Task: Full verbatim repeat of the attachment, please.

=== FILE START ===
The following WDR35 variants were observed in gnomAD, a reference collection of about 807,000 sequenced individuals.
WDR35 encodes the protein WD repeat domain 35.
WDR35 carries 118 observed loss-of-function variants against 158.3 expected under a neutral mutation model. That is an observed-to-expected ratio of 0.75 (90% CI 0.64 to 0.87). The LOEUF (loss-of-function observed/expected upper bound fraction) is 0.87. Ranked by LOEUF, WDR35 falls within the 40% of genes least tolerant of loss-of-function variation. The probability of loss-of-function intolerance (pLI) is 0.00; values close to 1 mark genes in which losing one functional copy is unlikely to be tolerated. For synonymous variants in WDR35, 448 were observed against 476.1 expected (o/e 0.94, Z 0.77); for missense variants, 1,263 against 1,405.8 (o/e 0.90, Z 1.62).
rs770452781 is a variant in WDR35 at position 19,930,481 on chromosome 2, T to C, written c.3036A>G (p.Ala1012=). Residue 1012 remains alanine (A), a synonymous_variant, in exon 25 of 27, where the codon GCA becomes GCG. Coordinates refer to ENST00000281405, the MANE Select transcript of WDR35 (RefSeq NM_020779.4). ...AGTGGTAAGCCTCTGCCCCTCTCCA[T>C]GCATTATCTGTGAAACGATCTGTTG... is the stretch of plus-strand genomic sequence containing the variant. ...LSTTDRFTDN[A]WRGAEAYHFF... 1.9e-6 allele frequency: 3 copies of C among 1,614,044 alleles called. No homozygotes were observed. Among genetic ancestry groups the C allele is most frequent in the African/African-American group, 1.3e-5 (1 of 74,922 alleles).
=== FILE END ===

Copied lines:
The following WDR35 variants were observed in gnomAD, a reference collection of about 807,000 sequenced individuals.
WDR35 encodes the protein WD repeat domain 35.
WDR35 carries 118 observed loss-of-function variants against 158.3 expected under a neutral mutation model. That is an observed-to-expected ratio of 0.75 (90% CI 0.64 to 0.87). The LOEUF (loss-of-function observed/expected upper bound fraction) is 0.87. Ranked by LOEUF, WDR35 falls within the 40% of genes least tolerant of loss-of-function variation. The probability of loss-of-function intolerance (pLI) is 0.00; values close to 1 mark genes in which losing one functional copy is unlikely to be tolerated. For synonymous variants in WDR35, 448 were observed against 476.1 expected (o/e 0.94, Z 0.77); for missense variants, 1,263 against 1,405.8 (o/e 0.90, Z 1.62).
rs770452781 is a variant in WDR35 at position 19,930,481 on chromosome 2, T to C, written c.3036A>G (p.Ala1012=). Residue 1012 remains alanine (A), a synonymous_variant, in exon 25 of 27, where the codon GCA becomes GCG. Coordinates refer to ENST00000281405, the MANE Select transcript of WDR35 (RefSeq NM_020779.4). ...AGTGGTAAGCCTCTGCCCCTCTCCA[T>C]GCATTATCTGTGAAACGATCTGTTG... is the stretch of plus-strand genomic sequence containing the variant. ...LSTTDRFTDN[A]WRGAEAYHFF... 1.9e-6 allele frequency: 3 copies of C among 1,614,044 alleles called. No homozygotes were observed. Among genetic ancestry groups the C allele is most frequent in the African/African-American group, 1.3e-5 (1 of 74,922 alleles).